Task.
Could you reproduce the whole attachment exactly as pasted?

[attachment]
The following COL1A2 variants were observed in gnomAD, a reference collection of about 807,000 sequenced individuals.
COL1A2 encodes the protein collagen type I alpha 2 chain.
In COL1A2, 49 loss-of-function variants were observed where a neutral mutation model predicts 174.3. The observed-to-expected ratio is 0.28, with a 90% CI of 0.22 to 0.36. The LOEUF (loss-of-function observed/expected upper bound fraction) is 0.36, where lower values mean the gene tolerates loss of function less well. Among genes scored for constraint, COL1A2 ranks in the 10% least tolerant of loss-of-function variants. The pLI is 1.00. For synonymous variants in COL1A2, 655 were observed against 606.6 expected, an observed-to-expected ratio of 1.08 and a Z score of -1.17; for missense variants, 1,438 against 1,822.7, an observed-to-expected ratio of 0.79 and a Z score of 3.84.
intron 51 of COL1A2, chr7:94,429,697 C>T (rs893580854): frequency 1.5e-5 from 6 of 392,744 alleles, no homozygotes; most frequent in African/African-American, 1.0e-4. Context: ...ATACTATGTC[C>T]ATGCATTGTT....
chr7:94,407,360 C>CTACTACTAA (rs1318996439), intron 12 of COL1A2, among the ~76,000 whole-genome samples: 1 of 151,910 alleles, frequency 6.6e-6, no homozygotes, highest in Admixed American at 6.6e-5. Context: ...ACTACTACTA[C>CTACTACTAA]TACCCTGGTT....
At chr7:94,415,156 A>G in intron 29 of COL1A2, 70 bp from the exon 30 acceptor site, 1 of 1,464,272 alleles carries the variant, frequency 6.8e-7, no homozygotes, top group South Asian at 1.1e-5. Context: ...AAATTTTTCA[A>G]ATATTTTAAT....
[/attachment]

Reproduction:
The following COL1A2 variants were observed in gnomAD, a reference collection of about 807,000 sequenced individuals.
COL1A2 encodes the protein collagen type I alpha 2 chain.
In COL1A2, 49 loss-of-function variants were observed where a neutral mutation model predicts 174.3. The observed-to-expected ratio is 0.28, with a 90% CI of 0.22 to 0.36. The LOEUF (loss-of-function observed/expected upper bound fraction) is 0.36, where lower values mean the gene tolerates loss of function less well. Among genes scored for constraint, COL1A2 ranks in the 10% least tolerant of loss-of-function variants. The pLI is 1.00. For synonymous variants in COL1A2, 655 were observed against 606.6 expected, an observed-to-expected ratio of 1.08 and a Z score of -1.17; for missense variants, 1,438 against 1,822.7, an observed-to-expected ratio of 0.79 and a Z score of 3.84.
intron 51 of COL1A2, chr7:94,429,697 C>T (rs893580854): frequency 1.5e-5 from 6 of 392,744 alleles, no homozygotes; most frequent in African/African-American, 1.0e-4. Context: ...ATACTATGTC[C>T]ATGCATTGTT....
chr7:94,407,360 C>CTACTACTAA (rs1318996439), intron 12 of COL1A2, among the ~76,000 whole-genome samples: 1 of 151,910 alleles, frequency 6.6e-6, no homozygotes, highest in Admixed American at 6.6e-5. Context: ...ACTACTACTA[C>CTACTACTAA]TACCCTGGTT....
At chr7:94,415,156 A>G in intron 29 of COL1A2, 70 bp from the exon 30 acceptor site, 1 of 1,464,272 alleles carries the variant, frequency 6.8e-7, no homozygotes, top group South Asian at 1.1e-5. Context: ...AAATTTTTCA[A>G]ATATTTTAAT....